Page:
This post will be about some more of my favourite classic Neapolitan songs.
In a previous article I talked about my (personal) top four as far as classic Neapolitan songs are concerned. Here I talk about some more songs that are part of the traditional Neapolitan repertoire and I particularly like.
In this tutorial I talk about the Italian words for the parts of the upper body.
Here you can find the first tutorial on the human body, with the Italian words for the parts of the face and the head, and the second tutorial on the parts of the body, about the Italian words for the fingers and the toes.
I hope you enjoy it, and to see you soon on this blog. Ciao ciao!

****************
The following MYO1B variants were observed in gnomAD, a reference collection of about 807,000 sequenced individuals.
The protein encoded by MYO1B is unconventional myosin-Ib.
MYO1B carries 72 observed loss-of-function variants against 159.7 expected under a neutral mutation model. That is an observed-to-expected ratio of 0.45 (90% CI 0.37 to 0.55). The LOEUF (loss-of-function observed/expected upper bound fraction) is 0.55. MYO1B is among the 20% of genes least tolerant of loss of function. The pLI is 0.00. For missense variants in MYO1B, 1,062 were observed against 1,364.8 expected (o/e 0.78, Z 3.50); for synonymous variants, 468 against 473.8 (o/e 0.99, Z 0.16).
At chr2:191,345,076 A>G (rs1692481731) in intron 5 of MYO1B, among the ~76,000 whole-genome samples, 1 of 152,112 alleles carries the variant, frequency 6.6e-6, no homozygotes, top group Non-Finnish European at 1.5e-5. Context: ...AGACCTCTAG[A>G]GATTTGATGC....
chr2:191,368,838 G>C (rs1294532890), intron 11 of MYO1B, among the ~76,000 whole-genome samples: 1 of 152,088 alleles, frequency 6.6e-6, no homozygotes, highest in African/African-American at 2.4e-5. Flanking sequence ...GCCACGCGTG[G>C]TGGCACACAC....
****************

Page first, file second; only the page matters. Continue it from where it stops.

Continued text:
This blog post is the fifth in my series of articles on Italian proverbs. As in the previous ones, I will go through some Italian proverbs in alphabetical order, one proverb per letter. For each proverb, I’ll give the English translation, including the English equivalent of the proverb (when available), and its meaning.
Learning words is part of the process of learning a new language. Building up your vocabulary is one of the more important things to achieve, because to speak you need to know the words that express your ideas, and to be fluent in a language means also to know exactly the words needed. But this is also quite though to achieve. It requires time. The problem is that when you learn a word you work with your short-term memory, so you store this word in a place of your brain from where it will probably disappear if you don’t use it again.